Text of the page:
Spy, Halena, secret lover of Gil Pallaeon, captain of newly refitted assault ship, Leveler, is sent to the planet Athar to gather information about any proposed separatist activity and a potential threat to remove the current republic-friendly government by the downtrodden masses. Unfortunately she's not given enough information and the invasion is already underway. Rumbled almost immediately she requests extraction and Pellaeon and the Leveler happen to be the closest vessel. Unfortunately the refit hasn't been entirely successful and they're on a shakedown cruise with civilian engineers on board who are trying to fix a computer glitch which has taken their most effective weapons offline.
Added to that Annakin Skywalker has sent Captain Rex with Ahsoka and half a dozen fresh-out-of-training clones to familiarise themselves with Leveler's upgrades – that's the theory, but in fact he's just trying to get Ahsoka out of his hair and buy himself a bit of time with Padme – at this point in the Star Wars story arc they are secretly married and Annakin is suffering enormous guilt for forming an attachment. Add to this Master Altis' Jedi sect which allows marriage and children and you have an interesting mix of characters who are going to start questioning a) why Yoda is so keen that the Republic's Jedi knights be kept so strictly single and celibate, b) how and why the Republic knew that a clone army would be needed, c) whether the Republic has the right to treat clone troops like slave soldiers whose individual lives are not important and d) whether the Republic is actually the right side to be fighting on.
This is a simple get-me-out-of-here caper. What makes it interesting are the questions. Annakin and Ahsoka come up against Altis' Jedi sect and begin to question whether attachment will turn a Jedi to the Dark Side as Yoda insists. Halena questions her activities as a spy and whether she's on the right side. But it's the clones who raise the most questions. Karen always has great sympathy for the common soldier, portraying them as complex individuals, even the ones straight out of basic training. Grown to maturity in half the time it takes for an uncloned human, the clones are children in a world that values them only for their expendability and their camaraderie is as uplifting as it is heartbreaking.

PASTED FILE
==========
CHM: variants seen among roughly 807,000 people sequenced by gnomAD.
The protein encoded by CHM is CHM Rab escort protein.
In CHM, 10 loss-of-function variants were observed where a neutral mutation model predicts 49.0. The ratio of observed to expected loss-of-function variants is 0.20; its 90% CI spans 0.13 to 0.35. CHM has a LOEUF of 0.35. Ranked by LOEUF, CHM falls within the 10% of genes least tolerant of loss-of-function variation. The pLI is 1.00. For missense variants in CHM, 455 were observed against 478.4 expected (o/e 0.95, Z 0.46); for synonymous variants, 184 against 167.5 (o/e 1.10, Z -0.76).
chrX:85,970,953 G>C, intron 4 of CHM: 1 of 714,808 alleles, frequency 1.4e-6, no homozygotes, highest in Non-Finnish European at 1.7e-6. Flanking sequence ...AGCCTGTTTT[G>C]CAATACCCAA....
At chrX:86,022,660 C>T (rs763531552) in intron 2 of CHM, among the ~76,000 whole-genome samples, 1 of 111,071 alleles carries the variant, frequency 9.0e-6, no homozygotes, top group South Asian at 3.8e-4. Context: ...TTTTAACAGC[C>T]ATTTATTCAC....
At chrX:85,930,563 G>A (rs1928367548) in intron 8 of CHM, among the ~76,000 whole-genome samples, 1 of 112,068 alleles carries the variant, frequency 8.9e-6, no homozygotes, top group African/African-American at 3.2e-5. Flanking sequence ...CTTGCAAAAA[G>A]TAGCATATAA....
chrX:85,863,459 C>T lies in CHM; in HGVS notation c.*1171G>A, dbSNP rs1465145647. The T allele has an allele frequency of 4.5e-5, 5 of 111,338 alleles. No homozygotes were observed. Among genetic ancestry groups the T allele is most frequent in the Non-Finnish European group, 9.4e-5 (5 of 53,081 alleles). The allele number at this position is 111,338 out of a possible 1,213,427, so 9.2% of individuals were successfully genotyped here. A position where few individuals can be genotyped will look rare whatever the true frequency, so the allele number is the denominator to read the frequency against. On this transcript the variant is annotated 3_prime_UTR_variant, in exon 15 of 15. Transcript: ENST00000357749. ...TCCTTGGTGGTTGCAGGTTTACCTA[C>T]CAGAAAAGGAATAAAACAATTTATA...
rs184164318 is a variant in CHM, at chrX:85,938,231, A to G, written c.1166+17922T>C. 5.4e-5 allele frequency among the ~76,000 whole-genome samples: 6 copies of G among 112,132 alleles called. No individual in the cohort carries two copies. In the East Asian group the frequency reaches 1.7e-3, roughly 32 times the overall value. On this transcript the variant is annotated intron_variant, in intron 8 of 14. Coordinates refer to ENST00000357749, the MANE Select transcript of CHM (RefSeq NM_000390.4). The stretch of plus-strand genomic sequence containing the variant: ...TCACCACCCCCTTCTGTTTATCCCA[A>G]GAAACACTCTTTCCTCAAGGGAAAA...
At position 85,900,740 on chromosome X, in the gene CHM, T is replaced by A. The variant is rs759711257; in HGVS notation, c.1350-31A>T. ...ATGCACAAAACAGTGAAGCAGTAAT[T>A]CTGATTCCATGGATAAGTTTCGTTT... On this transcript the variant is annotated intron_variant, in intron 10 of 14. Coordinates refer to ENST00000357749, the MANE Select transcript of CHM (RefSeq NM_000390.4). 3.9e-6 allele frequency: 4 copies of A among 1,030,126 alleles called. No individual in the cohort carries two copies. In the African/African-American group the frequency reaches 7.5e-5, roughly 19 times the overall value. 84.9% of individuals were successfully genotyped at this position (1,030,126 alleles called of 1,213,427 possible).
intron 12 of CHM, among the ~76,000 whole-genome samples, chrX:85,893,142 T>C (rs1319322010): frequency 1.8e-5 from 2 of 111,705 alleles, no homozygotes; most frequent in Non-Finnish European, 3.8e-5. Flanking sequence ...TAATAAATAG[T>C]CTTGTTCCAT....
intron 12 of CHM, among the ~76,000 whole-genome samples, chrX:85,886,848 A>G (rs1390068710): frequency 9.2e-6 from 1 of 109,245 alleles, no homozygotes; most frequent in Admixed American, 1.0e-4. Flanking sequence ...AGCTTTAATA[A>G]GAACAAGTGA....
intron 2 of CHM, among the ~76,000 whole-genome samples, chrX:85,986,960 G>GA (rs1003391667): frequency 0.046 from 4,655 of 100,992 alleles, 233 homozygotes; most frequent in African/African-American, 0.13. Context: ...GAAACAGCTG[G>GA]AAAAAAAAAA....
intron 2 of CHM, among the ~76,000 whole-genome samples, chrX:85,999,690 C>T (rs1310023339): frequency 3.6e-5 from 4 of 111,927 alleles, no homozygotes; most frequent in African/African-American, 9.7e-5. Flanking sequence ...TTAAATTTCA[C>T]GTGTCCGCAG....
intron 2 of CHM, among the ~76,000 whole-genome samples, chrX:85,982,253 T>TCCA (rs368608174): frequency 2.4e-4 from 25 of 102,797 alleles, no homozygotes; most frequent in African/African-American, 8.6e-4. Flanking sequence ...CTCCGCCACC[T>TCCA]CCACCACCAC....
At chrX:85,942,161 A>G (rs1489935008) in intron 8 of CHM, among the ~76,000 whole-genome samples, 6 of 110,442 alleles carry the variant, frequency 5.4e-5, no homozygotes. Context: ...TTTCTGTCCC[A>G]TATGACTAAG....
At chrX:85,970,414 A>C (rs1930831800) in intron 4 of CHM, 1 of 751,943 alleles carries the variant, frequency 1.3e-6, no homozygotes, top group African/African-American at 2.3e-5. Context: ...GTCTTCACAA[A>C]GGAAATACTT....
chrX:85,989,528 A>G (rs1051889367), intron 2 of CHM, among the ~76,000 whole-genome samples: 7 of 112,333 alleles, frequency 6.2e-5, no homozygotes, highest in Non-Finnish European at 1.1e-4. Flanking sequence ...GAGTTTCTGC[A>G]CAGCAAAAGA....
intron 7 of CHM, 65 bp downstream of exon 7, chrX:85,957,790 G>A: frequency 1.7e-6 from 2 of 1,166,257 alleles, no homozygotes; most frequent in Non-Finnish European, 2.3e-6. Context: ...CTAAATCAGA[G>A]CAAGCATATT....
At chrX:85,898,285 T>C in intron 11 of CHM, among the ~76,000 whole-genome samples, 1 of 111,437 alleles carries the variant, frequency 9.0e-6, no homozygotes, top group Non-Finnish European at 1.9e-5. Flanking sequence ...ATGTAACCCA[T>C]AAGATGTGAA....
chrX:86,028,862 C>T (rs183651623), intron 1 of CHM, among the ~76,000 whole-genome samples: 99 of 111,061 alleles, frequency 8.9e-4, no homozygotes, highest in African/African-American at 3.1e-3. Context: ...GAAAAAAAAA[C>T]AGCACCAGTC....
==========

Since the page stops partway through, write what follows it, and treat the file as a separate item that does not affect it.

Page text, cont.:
An excellent novel, and not just for die-hard Star Wars fans....more
I'm trying to get round to a number of books that have been sitting on my bookshelf for years making me feel guilty. This is one such. I read one or tI'm trying to get round to a number of books that have been sitting on my bookshelf for years making me feel guilty. This is one such. I read one or two of Hill's Last Legionary Quartet many years ago and enjoyed them. This is a 1982 prequel collection of stories about the training of the legionary who was to become the last of his kind, published by Piccolo, a junior imprint of Gollancz..
There are four stories, each taking a snapshot of Keill Randor's life, one age 12 as he takes the dangerous right-of-passage test that shunts him into the Young Legionary Programme. The second is Keill at the age of 14 trapped with his fellow trainees in a dangerous desert situation with deadly spine-eels swarming. The third is Keill aged 16, assigned to give a trio of potentially hostile customers a tour of the Legion's mercenary facility, and dealing with things when the situation goes pear-shaped. And lastly there's Keill aged 18, facing his last test before being assigned to adult responsibilities as a full legionary.
The stories are slight and as a prequel you know that Keill is going to survive whatever the book throws at him (always the problem with prequels) and you know that all the other characters are eventually going to be killed off between the end of this book and the beginning of Galactic Warlord, the first of the Last Legionary books, so it's difficult to get invested in characters such as Oni, Keill's longtime (girl) friend, though she's well written.
If anything Keill and Oni are a little too perfect and competent, but each story develops the characters a little further. I found this fairly bland by today's standards and probably for completists only, though as the intended audience is a young readership (and bearing in mind the time it was written) it stands up quite well to other SF children's books of the period. ...more
David Feintuch: Midshipman's Hope – Seafort Saga #1
Without a doubt this is Hornblower in space, with all the self-doubt and stiffness that characterisDavid Feintuch: Midshipman's Hope – Seafort Saga #1